Chris Carter wanted to come back to The X-Files only if there was an original idea that could “update” the series — rather than reboot or revive as we’ve labeled it for months. Yet in telling new X-Files stories, Carter found comfort in old friends, who found beats in old conspiracies that still resonate today.
During the “The Inside The X-Files Writers’ Room” Panel at EW Fest, Carter sat down with X-Files writers Glen and Darin Morgan, who penned many of the series’ iconic episodes, to talk about the writing process for the 6-episode miniseries.
“When [The X-Files] ended in 2002, everyone said the government is going to save us from terrorism,” said Glen Morgan, who left the series after season four to work on Millennium. “Now we’re close to 15 years down the road and everyone’s saying the government is out to get us again. I think the things [The X-Files] did early on kind of came true.”
In Hollywood, writers move from show to show and keep their eyes on to the next project, but the X-Files always stayed with the Morgans. “The X-Files was a thing I always thought about creatively,” Glen said. For the revival, he wrote the episode “Home Again,” not a sequel, but a play on the classic “Home” episode he co-wrote with his brother.
For Darin Morgan, who penned a few of the series’ most beloved episodes (“Jose Chung’s From Outer Space” and “Clyde Bruckman’s Final Response”) and famously donned the Flukeman suit, rejoining the X-Files was an easy professional and artistic choice.
During Darin’s time writing stories for Mulder and Scully and then again with his brother and Carter on Millennium, he said those were “the only two shows where the people running them liked my work and do whatever I wanted.” Ever since then, he’s said he’s always had “nothing but problems” with the people running the shows or the executives involved.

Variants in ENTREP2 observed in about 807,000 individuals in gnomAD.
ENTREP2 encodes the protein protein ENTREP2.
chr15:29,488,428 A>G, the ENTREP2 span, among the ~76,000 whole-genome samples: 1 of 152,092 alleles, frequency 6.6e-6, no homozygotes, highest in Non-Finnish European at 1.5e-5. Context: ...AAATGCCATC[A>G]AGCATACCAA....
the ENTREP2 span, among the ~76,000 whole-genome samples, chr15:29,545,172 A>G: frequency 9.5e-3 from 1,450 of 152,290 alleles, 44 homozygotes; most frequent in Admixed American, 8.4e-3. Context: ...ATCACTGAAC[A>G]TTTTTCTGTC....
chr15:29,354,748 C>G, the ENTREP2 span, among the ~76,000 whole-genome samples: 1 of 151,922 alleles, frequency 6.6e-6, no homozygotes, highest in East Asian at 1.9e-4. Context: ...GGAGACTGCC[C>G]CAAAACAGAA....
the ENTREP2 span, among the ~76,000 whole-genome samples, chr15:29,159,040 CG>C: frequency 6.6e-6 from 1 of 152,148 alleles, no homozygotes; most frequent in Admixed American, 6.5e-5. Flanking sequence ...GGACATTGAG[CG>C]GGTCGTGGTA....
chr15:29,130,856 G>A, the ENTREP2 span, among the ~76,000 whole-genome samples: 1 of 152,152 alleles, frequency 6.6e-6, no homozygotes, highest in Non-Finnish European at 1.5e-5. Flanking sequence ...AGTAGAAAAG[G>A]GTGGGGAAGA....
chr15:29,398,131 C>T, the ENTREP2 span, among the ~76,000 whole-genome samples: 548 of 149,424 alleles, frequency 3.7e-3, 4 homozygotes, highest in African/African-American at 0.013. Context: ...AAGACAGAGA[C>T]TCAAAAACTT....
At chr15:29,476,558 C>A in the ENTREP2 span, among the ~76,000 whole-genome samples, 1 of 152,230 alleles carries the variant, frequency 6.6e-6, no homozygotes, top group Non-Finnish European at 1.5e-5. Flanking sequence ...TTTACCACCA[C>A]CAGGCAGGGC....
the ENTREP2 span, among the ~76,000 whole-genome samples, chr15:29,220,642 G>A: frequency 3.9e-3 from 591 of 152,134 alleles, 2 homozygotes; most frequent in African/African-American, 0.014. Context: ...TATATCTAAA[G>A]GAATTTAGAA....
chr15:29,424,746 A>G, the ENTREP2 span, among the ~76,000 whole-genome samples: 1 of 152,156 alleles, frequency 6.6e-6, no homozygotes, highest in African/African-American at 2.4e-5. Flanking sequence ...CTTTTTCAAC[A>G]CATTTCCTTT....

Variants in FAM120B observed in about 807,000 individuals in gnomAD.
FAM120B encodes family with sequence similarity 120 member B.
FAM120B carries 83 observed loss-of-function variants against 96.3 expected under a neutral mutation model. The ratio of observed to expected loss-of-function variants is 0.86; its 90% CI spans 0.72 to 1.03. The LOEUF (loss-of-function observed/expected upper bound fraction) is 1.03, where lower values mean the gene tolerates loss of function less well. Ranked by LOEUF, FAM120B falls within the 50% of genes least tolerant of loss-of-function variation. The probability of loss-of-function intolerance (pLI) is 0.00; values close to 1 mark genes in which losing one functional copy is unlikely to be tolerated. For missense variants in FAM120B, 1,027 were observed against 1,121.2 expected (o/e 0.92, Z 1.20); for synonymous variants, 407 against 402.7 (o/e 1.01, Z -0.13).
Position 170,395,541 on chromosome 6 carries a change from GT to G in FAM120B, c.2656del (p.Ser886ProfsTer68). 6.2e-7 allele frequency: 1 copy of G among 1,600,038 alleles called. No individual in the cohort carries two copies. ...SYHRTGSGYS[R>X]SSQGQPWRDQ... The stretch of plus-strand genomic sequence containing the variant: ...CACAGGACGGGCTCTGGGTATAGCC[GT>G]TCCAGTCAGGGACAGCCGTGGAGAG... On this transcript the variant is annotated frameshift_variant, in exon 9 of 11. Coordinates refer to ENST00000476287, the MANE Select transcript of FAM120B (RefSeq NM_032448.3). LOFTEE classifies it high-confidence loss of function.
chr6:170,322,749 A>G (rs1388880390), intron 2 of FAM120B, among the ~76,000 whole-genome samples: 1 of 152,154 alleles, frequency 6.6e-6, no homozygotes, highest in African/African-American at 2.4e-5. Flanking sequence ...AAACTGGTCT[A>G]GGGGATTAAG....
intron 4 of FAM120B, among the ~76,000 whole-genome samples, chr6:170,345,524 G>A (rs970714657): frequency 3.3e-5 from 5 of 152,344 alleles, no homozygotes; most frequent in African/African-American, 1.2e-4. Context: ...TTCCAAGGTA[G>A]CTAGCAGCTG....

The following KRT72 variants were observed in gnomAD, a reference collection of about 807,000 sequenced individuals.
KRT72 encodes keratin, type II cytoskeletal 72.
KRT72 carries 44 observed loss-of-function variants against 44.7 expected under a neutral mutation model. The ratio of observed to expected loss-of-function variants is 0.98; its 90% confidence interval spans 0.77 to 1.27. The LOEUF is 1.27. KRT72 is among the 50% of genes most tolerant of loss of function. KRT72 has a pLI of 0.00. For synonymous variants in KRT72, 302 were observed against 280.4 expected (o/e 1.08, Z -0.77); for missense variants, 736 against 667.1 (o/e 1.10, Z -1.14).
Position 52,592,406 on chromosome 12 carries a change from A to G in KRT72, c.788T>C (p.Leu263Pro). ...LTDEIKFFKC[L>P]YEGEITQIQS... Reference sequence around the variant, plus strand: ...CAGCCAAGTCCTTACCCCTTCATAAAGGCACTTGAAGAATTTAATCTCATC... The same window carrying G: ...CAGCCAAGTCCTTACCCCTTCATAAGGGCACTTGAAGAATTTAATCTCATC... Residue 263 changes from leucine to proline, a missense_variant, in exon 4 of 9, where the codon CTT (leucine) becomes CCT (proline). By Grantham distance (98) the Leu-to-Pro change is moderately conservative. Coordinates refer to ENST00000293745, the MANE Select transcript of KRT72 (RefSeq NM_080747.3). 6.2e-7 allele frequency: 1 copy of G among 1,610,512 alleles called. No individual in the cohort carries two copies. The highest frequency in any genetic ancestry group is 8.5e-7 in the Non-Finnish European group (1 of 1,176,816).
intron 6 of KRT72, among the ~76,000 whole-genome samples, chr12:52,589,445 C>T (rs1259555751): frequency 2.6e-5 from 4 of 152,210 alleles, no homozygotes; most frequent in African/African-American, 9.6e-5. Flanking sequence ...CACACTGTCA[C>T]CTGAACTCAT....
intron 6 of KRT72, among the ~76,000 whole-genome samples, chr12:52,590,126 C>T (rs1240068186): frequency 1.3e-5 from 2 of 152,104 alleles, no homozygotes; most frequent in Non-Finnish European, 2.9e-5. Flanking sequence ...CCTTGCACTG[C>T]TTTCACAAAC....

Darin’s new X-Files story, a Monster of the Week episode titled “Mulder and Scully Meet the Were-Monster,” is actually an old one.
There’s a possibility that Darin’s script was nearly used for another series and since has been repurposed as an X-File. In 2005, Darin was a producer on Frank Spotnitz’s reboot of Night Stalker for ABC and wrote a script titled “The ‘M’ Word” that was never produced before the series was cancelled after just one season. The script (which you can read more about from The X-Files Lexicon Blog) touches on similar themes Darin teased when discussing his standalone “Mulder and Scully Meet The Were-Monster,” episode.
“I had a story I had been wanting to tell for a long time that had a monster in it, but it was more about human life than a monster story,” Darin said. “There’s no show you can do that on. I thought about doing it as a feature, but that world has changed. So I had an opportunity with The X-Files. This is the only place you can tell that story.”
With Glen and Darin back, Carter put his trust on the Morgans to help develop the new era of X-Files conspiracy and paranoia. It shows early in the premiere episode with something as subtle (*light spoiler*) as Mulder covering the camera on his laptop with a piece of tape. For Carter, bringing on longtime producer and writing partner of the Morgans, James Wong, meant having a discussion that would led to the “modernization” of the show.
“It’s not like you’re trying to take today and cram it into back then,” Glen Morgan said. “A lot of that stuff that we thought was kind of goofy came true.”
On stage, they referenced the notion that they were bringing the band back together, albeit without a few former mates.
“Initially, we had Vince [Gilligan], Frank [Spotnitz], and Howard [Gordon], but they all had shows. We’re the only losers who didn’t have anything else to do, ” Glen joked.
Den of Geek X-Files correspondent Matt Allair contributed to this report.
*Image courtesy of Getty/EW
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